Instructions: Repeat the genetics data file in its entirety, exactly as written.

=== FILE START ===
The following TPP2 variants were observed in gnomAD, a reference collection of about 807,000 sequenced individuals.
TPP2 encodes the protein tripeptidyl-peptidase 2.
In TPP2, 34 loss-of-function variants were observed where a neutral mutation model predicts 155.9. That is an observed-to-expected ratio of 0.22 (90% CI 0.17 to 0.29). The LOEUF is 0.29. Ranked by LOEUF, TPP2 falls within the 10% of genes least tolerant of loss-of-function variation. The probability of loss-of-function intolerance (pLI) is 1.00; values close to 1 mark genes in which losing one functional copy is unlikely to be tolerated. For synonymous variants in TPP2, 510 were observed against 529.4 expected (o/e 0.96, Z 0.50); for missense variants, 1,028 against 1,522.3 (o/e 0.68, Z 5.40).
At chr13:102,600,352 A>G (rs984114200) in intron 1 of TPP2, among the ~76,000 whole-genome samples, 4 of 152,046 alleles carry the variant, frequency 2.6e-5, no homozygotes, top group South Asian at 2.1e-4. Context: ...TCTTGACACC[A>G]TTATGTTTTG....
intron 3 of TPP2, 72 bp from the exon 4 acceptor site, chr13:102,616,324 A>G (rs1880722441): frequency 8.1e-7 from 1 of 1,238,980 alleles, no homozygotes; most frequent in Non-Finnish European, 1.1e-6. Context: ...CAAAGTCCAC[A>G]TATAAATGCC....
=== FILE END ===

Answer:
The following TPP2 variants were observed in gnomAD, a reference collection of about 807,000 sequenced individuals.
TPP2 encodes the protein tripeptidyl-peptidase 2.
In TPP2, 34 loss-of-function variants were observed where a neutral mutation model predicts 155.9. That is an observed-to-expected ratio of 0.22 (90% CI 0.17 to 0.29). The LOEUF is 0.29. Ranked by LOEUF, TPP2 falls within the 10% of genes least tolerant of loss-of-function variation. The probability of loss-of-function intolerance (pLI) is 1.00; values close to 1 mark genes in which losing one functional copy is unlikely to be tolerated. For synonymous variants in TPP2, 510 were observed against 529.4 expected (o/e 0.96, Z 0.50); for missense variants, 1,028 against 1,522.3 (o/e 0.68, Z 5.40).
At chr13:102,600,352 A>G (rs984114200) in intron 1 of TPP2, among the ~76,000 whole-genome samples, 4 of 152,046 alleles carry the variant, frequency 2.6e-5, no homozygotes, top group South Asian at 2.1e-4. Context: ...TCTTGACACC[A>G]TTATGTTTTG....
intron 3 of TPP2, 72 bp from the exon 4 acceptor site, chr13:102,616,324 A>G (rs1880722441): frequency 8.1e-7 from 1 of 1,238,980 alleles, no homozygotes; most frequent in Non-Finnish European, 1.1e-6. Context: ...CAAAGTCCAC[A>G]TATAAATGCC....